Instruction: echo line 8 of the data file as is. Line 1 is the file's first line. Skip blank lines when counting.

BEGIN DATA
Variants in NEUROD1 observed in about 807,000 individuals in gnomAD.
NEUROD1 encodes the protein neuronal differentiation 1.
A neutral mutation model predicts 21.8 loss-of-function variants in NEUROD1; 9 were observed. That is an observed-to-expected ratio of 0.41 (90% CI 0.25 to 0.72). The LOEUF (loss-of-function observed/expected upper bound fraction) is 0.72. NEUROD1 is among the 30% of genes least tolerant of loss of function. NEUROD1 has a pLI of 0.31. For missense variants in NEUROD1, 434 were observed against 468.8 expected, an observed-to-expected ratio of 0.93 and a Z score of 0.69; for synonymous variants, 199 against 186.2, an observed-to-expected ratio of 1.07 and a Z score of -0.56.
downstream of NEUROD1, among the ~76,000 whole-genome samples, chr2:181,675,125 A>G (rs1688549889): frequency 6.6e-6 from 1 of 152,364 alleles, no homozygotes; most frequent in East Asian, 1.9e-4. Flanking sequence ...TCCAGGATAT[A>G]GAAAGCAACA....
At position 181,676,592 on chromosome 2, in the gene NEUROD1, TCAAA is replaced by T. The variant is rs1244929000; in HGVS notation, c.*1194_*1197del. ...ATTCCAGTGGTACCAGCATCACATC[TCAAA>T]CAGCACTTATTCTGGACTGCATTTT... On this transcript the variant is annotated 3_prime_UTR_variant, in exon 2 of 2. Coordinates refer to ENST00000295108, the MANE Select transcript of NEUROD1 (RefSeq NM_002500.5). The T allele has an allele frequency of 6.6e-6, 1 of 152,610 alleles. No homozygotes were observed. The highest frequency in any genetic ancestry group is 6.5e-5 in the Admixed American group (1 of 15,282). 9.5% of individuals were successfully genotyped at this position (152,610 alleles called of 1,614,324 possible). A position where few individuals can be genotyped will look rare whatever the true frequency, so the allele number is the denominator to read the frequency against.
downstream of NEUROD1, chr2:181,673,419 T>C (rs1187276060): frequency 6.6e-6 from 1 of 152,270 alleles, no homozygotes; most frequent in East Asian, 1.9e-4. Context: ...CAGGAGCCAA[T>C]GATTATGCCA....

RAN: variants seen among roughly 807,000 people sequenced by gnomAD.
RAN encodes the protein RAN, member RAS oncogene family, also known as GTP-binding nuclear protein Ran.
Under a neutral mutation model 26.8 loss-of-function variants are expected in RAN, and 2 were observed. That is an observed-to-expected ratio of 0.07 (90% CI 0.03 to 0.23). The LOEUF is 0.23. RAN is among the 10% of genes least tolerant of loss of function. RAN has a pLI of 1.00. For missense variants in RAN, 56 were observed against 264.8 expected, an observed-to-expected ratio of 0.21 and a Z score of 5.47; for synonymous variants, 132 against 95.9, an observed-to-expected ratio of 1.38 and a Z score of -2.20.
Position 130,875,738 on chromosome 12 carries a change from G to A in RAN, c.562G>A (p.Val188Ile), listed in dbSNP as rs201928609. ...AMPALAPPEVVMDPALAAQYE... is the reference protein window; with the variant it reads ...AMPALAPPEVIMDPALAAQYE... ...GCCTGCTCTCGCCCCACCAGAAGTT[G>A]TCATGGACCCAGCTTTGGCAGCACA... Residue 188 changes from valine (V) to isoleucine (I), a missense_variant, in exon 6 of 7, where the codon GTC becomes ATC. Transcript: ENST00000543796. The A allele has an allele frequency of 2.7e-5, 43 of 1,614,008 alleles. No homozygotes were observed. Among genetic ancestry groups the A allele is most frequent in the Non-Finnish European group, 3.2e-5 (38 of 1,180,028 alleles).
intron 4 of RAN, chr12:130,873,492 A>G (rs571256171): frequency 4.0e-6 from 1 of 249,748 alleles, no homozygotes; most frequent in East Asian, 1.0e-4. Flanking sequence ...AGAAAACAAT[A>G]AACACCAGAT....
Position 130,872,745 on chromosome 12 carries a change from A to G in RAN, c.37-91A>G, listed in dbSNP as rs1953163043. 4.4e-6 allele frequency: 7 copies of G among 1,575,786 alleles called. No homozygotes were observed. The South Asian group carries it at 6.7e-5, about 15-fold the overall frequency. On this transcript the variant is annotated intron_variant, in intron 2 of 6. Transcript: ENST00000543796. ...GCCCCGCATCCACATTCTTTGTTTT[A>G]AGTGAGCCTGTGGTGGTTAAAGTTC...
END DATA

RAN encodes the protein RAN, member RAS oncogene family, also known as GTP-binding nuclear protein Ran.